Working Safely at Heights – Some Tips

Working Safely at Heights – Some Tips

Working at heights poses numerous dangers, and is responsible for many serious and fatal injuries every year. In WA, many workers are exposed to heights every day, whether working from ladders, scaffolds and platforms, on roofs, over tanks and pits, or on vehicles or trailers.

According to Safe Work Australia, as of 6 September, there have been 92 Australian workers killed at work in 2018. In 2017, the preliminary data show there were 187 Australian workers killed at work, compared with 182 workers in 2016.

It is also a proven fact that anyone who falls from a height of two metres or more, is likely to sustain a serious injury. Of course, the most effective way to protect workers from the risk of falling is to eliminate the need to work at heights. And in addition to the risk of workers falling, there is always the danger the objects they are using fall onto the people below. These accidents are extremely prevalent if the right precautions are not taken. Accidents at heights can occur for many reasons, including inadequate edge protection, unsafe rope harnessing, or poorly secured objects or equipment.

Examples of trades where these sorts of mishaps are most likely to occur are:

• painters
• scaffolders
• aircon/solar installers
• tree loppers
• maintenance workers
• roof plumbers
• carpenters
• electricians and
• window cleaners.

Unfortunately, falls and other accidents can also happen when unqualified people (including homeowners), undertake one-off jobs without the proper training, planning or equipment.

Reducing the risks

Fortunately, there are many ways to help minimise the risks when working at heights. These include:

1. Carrying out a risk assessment before any working at heights is undertaken. This assessment should highlight any measures needed to ensure people are not at risk of falling from the height

2. Identifying any hazards that might be associated with falls from heights around the workplace. This includes establishing where people are required to be working and whether they need ladders, platforms, scaffolds; or are on unprotected or fragile roofs

3. Deciding who might be harmed and how that could occur. For example, if the worksite is roof-based, are there any trip hazards such as flashing or other roof dangers to consider?

4. Are there any visitors to the workplace, and could they be at risk? Always consider the safety of any visitors to the site

5. Are measures already in place to deal with the risks? It may also pay to look at any areas with unguarded openings, or without guardrails and covers. Are regular inspections carried out?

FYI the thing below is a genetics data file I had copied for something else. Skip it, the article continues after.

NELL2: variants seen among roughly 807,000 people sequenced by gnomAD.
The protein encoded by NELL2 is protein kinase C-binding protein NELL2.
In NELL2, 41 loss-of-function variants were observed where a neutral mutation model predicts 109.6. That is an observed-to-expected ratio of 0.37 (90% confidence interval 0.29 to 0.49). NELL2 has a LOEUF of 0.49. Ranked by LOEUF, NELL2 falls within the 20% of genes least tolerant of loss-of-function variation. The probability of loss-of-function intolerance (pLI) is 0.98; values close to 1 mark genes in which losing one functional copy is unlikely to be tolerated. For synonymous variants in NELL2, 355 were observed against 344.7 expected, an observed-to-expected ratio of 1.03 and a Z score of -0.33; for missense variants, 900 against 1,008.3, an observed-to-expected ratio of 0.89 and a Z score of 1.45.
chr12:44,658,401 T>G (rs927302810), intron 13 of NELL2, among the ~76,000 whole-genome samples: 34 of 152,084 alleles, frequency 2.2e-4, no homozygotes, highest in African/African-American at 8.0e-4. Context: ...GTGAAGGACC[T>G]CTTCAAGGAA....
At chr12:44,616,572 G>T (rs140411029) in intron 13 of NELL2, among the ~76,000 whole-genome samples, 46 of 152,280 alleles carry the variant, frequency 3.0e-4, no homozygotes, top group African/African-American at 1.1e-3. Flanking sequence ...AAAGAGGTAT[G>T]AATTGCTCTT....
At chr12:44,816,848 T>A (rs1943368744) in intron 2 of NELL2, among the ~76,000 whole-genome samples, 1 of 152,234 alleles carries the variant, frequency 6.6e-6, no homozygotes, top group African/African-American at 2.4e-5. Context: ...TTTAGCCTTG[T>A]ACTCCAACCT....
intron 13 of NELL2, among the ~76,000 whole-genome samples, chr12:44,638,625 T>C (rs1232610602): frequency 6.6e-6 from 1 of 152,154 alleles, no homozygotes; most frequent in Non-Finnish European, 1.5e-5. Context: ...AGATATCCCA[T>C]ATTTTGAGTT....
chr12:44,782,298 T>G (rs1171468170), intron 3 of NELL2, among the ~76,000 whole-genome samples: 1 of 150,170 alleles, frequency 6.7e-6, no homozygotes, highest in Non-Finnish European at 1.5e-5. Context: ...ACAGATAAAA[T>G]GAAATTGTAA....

6. If you have five or more employees, always record the findings of your risk assessment

7. Regularly review the assessment. If any significant changes have taken place, ensure the precautions are still adequate to deal with the risks.

It is also important to consider the safety and durability of any equipment being used when working at heights. For example, if you are a scaffolder, it is essential the scaffold towers are erected by a competent person. As a guide, they should have a ‘height to base’ dimension ratio not exceeding ‘3 to 1’ indoors, or ‘2.5 to 1’ outdoors. The tower should also have the necessary stabilisers in place to meet the correct height to base ratio, and use ‘outriggers’ or other stabilisers if above 2.5 m high. Remember that all scaffolds should have their casters firmly locked before use, with ladder access to the working platform. And finally, scaffolds should never be moved while the tower is occupied, and be regularly inspected and maintained.

When using other forms of safety equipment at heights, such as lines, harnesses and nets, the same levels of safety precautions should also be taken. These forms of equipment should also only be used and erected by trained operatives, and tested and inspected regularly.

Road transport safety

Another area to consider when working at heights regards workers in the road transport industry. Some tips for keeping your vehicle safe include:

• Carry out pre-use checks on your vehicle. For example, check any steps or handholds are in good condition to prevent falls
• Report broken boards and any other objects that could cause a fall
• Keep the load area tidy, and pick up any loose ropes or packaging
• Never jump down from the vehicle, as this can damage your knees and cause you to fall
• Always use steps and handholds, where provided
• Take your time when alighting from the vehicle.

Finally, when working at heights, workers should always ensure they wear well-fitting, slip-resistant, safety footwear. They should also be fully trained in the company’s safety procedures, and remember to follow them closely.